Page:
Abstract Title

Session S-04G: Using Cross-Sectoral Collaboration to Create Long-Lasting Solutions

Presenter/Author Information

Michelle Connor, ForterraFollow

Keywords

Planning Assessment & Communication

Location

Room 6E

Start Date

1-5-2014 8:30 AM

End Date

1-5-2014 10:00 AM

Description

Since the launch of the Cascade and Olympic Agendas in 2005, Forterra (formerly Cascade Land Conservancy) has been working to cross the urban-rural divide to generate equitable, market-based strategies for Creating Great Communities & Conserving Great Lands. Based on the premise that the NW's greatest opportunities for sustainability requires identification of synergies and constituencies across diverse sectors, Forterra has focused on a number of policy and project initiatives to test and prove up this premise. Examples include: the well-advanced Landscape Conservation and Local Infrastructure Program and an emerging collaboration to generate manufacturing of and building code authorizations for locally-sourced engineered and mass timber for use in multi-story buildings. Both of these examples align urban and rural market forces to create compact, carbon-reducing development, while sustaining resource economies, rural communities and the landscape - all of which are critical to the survival of the Salish Sea

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May 1st, 8:30 AM May 1st, 10:00 AM

Using cross-sectoral collaboration to create long-lasting solutions: How Implementation of the Cascade and Olympic Agendas Seeks to Cross the Urban-Rural Divide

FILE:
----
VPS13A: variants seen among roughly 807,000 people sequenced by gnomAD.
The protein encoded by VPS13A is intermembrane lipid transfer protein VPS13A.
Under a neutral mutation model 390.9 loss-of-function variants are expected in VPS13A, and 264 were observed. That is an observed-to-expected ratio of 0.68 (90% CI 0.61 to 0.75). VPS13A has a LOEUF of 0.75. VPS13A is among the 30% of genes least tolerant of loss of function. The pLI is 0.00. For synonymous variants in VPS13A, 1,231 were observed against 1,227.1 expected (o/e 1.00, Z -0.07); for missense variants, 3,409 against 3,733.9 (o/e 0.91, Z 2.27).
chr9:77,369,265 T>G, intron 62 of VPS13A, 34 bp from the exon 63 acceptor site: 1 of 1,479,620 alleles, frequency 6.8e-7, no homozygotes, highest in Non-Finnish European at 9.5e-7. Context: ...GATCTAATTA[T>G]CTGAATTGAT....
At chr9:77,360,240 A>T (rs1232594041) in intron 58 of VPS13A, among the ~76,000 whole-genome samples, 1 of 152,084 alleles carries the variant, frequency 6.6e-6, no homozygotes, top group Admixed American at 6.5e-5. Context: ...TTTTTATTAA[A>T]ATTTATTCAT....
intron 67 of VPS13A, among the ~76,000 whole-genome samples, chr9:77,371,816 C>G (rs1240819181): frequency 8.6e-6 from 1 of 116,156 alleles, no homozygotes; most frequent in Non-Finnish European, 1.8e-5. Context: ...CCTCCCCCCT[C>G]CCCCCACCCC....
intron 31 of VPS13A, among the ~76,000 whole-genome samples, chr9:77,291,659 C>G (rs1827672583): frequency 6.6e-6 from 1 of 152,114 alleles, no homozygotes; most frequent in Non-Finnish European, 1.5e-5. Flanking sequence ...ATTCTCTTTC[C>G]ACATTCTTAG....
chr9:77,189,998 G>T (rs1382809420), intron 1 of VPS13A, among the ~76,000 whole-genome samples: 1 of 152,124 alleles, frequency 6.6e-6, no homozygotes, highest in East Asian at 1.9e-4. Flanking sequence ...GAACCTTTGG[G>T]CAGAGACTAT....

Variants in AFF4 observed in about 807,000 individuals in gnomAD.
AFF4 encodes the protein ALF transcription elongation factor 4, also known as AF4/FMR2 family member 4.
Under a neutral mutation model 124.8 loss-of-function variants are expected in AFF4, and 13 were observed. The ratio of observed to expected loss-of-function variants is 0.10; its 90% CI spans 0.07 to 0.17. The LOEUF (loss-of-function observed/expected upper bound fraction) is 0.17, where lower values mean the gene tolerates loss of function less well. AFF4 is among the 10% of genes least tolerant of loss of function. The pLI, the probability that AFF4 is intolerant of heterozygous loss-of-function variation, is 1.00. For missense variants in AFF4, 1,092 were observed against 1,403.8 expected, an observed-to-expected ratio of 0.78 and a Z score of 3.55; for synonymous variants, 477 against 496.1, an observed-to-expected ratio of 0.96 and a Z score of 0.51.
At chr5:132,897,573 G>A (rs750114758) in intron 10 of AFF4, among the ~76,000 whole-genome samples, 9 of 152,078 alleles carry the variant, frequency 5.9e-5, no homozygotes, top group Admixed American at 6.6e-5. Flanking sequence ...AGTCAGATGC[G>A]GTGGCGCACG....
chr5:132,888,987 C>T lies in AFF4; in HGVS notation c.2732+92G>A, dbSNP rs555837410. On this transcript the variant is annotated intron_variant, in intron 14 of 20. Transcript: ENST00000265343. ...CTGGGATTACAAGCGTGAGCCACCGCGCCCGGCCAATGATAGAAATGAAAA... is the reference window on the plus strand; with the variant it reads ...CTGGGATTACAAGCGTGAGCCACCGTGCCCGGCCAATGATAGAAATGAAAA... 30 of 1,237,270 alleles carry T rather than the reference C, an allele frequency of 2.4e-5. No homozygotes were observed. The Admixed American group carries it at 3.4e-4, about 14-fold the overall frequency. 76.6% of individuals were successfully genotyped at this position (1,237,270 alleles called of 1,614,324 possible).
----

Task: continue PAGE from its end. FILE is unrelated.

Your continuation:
Room 6E

Since the launch of the Cascade and Olympic Agendas in 2005, Forterra (formerly Cascade Land Conservancy) has been working to cross the urban-rural divide to generate equitable, market-based strategies for Creating Great Communities & Conserving Great Lands. Based on the premise that the NW's greatest opportunities for sustainability requires identification of synergies and constituencies across diverse sectors, Forterra has focused on a number of policy and project initiatives to test and prove up this premise. Examples include: the well-advanced Landscape Conservation and Local Infrastructure Program and an emerging collaboration to generate manufacturing of and building code authorizations for locally-sourced engineered and mass timber for use in multi-story buildings. Both of these examples align urban and rural market forces to create compact, carbon-reducing development, while sustaining resource economies, rural communities and the landscape - all of which are critical to the survival of the Salish Sea